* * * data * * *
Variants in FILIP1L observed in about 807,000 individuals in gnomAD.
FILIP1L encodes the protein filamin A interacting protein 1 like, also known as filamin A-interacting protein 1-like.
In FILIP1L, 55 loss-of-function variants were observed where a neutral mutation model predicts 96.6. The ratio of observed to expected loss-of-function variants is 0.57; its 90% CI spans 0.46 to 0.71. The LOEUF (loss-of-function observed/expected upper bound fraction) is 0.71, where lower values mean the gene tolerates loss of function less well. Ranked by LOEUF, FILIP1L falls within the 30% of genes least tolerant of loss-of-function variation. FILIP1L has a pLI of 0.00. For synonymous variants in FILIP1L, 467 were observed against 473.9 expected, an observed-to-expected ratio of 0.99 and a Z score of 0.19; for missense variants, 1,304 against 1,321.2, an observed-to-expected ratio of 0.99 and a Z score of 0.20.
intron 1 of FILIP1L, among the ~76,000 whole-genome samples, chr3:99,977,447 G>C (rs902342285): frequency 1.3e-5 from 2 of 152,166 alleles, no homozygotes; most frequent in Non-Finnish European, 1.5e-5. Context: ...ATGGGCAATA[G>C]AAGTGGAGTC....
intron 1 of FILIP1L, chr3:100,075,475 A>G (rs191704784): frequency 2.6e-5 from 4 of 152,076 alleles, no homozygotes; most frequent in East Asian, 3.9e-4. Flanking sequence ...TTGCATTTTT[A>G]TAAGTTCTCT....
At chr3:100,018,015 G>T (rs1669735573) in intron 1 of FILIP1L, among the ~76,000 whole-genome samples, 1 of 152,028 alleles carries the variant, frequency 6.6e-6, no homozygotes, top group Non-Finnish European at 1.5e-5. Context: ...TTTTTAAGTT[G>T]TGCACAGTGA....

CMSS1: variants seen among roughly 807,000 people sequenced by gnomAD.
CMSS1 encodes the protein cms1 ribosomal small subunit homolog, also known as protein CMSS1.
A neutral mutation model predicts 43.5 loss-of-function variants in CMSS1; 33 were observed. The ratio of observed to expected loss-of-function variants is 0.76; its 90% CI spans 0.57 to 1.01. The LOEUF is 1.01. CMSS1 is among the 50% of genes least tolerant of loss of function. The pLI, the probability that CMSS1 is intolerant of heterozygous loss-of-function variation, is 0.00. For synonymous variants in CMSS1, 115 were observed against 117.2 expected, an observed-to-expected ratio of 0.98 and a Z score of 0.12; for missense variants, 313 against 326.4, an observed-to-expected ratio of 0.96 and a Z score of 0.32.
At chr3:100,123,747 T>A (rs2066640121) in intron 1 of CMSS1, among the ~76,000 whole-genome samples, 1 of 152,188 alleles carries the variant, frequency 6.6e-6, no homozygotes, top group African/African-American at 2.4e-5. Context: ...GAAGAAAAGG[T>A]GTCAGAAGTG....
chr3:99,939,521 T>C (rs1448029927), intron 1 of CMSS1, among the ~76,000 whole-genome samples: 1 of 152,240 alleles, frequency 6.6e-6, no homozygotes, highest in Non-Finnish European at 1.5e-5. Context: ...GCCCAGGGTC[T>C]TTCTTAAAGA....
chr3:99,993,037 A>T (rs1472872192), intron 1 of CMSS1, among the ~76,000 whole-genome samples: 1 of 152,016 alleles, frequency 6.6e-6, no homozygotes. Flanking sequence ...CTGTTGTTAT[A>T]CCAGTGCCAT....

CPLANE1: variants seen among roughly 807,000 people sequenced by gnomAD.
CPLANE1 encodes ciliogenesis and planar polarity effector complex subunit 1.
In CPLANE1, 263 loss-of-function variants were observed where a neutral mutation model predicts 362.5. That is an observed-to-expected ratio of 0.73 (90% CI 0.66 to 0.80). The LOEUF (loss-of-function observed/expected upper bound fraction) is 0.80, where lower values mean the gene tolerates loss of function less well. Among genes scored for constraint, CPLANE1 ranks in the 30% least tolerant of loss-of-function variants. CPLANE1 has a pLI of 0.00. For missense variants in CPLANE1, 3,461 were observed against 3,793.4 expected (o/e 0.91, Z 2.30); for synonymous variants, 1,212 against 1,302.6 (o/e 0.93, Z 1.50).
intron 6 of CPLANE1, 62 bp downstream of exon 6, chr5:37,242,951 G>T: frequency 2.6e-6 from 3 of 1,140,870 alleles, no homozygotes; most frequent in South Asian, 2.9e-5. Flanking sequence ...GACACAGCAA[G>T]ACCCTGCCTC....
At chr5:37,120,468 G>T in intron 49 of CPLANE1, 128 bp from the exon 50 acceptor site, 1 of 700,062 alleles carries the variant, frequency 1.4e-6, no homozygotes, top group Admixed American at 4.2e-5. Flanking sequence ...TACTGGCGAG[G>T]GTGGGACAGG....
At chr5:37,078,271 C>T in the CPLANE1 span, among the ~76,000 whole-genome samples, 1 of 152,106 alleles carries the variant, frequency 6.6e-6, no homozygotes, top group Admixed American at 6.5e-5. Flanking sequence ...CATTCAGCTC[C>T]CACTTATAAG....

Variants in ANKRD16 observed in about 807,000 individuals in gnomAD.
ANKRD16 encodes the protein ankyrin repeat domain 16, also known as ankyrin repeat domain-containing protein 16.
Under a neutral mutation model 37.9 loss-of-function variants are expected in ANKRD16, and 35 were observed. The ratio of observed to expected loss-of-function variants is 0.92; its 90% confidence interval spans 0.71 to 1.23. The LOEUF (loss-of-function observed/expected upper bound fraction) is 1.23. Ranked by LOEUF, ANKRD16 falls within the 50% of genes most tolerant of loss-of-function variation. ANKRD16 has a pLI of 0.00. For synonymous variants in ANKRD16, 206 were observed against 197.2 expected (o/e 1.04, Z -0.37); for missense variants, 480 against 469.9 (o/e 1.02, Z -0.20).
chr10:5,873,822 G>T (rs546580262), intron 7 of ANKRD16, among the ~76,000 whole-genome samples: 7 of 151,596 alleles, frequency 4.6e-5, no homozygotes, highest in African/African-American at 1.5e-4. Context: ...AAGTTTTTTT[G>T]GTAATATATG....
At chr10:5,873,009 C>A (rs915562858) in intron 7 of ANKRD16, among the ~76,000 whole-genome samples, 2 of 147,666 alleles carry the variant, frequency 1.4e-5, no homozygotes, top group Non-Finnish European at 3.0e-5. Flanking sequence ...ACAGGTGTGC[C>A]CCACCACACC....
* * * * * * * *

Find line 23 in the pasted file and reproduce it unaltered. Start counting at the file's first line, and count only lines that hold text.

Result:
At chr10:5,873,009 C>A (rs915562858) in intron 7 of ANKRD16, among the ~76,000 whole-genome samples, 2 of 147,666 alleles carry the variant, frequency 1.4e-5, no homozygotes, top group Non-Finnish European at 3.0e-5. Flanking sequence ...ACAGGTGTGC[C>A]CCACCACACC....